Last Sunday we left Baiona, a wonderful city we could have spent a lot more time in, and sailed south to Viana do Castelo in Portugal. We arrived into the small marina and were pointed towards a berth that had two other yachts on it, with a space in between. This was our first experience with Mediterranean style mooring, and we were so glad that one of the yachtsmen on the neighbouring boat jumped off to help us, otherwise we would have had literally no idea what to do. The next day we helped out another English yacht who looked similarly bewildered, so we’re obviously not alone!

This was our first taste of Portugal and we were pleasantly surprised. What looked like a fairly charmless industrial river-side town turned out to be a prosperous, up-market place with big plazas and narrow paved streets lined with expensive looking homewares and jewellery shops, plenty of bars and restaurants, and a beautifully maintained park running along the riverfront. We were impressed.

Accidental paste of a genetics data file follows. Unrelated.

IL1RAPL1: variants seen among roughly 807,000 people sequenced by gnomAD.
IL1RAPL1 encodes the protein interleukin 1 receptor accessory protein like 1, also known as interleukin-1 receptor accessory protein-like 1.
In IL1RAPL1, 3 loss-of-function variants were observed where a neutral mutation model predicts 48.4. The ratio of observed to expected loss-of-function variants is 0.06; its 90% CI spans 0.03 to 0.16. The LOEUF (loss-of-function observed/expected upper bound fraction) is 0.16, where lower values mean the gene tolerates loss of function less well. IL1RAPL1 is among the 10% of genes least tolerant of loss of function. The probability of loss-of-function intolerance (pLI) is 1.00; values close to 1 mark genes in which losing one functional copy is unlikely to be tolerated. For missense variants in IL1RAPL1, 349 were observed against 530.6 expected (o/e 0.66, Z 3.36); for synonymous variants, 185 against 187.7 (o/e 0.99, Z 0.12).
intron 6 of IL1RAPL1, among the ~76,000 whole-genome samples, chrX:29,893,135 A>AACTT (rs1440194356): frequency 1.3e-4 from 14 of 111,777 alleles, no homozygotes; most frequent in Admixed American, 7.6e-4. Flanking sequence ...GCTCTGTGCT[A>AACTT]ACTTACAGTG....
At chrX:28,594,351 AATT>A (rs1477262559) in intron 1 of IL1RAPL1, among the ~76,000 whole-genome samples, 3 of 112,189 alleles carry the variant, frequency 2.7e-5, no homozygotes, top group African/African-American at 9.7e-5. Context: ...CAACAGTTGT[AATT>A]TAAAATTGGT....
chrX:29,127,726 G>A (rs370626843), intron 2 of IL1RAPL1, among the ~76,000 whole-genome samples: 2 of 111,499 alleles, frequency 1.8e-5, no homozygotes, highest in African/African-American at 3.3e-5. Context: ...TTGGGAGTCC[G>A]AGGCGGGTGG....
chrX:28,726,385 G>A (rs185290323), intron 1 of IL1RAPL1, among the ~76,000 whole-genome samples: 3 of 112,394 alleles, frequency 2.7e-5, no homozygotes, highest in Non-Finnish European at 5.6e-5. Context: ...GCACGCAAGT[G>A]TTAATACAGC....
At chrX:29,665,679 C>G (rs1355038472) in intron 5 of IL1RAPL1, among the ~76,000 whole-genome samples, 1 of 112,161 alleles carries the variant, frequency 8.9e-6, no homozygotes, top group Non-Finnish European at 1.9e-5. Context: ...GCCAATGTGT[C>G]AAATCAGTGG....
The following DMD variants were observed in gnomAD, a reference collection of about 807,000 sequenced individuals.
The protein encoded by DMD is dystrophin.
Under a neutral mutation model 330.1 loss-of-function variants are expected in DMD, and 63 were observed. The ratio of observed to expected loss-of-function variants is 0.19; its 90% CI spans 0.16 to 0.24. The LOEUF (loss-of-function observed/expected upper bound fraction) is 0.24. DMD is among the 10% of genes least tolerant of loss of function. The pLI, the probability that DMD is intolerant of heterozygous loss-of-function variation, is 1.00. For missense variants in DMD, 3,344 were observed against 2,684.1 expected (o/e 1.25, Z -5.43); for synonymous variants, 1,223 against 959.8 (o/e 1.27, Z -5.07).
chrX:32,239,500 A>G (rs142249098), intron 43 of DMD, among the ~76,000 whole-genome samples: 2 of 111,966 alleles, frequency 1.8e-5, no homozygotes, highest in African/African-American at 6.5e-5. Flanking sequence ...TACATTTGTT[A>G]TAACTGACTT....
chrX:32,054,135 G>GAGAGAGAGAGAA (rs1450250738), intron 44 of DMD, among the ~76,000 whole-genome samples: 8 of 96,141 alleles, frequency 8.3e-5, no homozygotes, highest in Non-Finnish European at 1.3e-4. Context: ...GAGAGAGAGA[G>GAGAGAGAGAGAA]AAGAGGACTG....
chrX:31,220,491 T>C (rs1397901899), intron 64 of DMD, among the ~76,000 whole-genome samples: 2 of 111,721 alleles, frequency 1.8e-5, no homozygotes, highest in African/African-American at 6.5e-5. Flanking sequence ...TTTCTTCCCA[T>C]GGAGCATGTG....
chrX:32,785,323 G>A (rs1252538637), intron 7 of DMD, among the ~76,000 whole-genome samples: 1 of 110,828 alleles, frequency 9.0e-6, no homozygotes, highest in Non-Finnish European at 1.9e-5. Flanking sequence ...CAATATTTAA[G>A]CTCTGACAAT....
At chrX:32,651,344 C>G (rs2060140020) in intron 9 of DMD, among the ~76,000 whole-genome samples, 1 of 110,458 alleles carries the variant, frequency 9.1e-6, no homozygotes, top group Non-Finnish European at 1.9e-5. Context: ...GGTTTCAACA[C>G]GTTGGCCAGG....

In hindsight, we probably should have stayed another couple of days, because, so far, Viana has been the highlight of the Portugese leg of our trip. Next stop was Povoa Varzim, which was an incredible €9 per night (we got a 50% discount). However, you get what you pay for, and, although there was nothing wrong with the marina- apart from a lot of bird poop for some reason- the town had absolutely nothing to recommend it. This is second hand information, taken from Nick who went ashore to find a supermarket. I didn’t even bother to get off the boat. He came back and reported that it was like a Portugese version of Ramsgate. Moving swiftly along…

Porto was our next stop and we were cautiously optimistic that this would be a good town to spend a bit of time in. We arrived into the brand new marina, was helped in by a friendly marineros, and then went to the bus stop to catch the bus into town. Well, that was a mistake. An hour later, and having had a winding tour of Porto’s rather forgettable southern suburbs, we finally arrived into town, map in hand.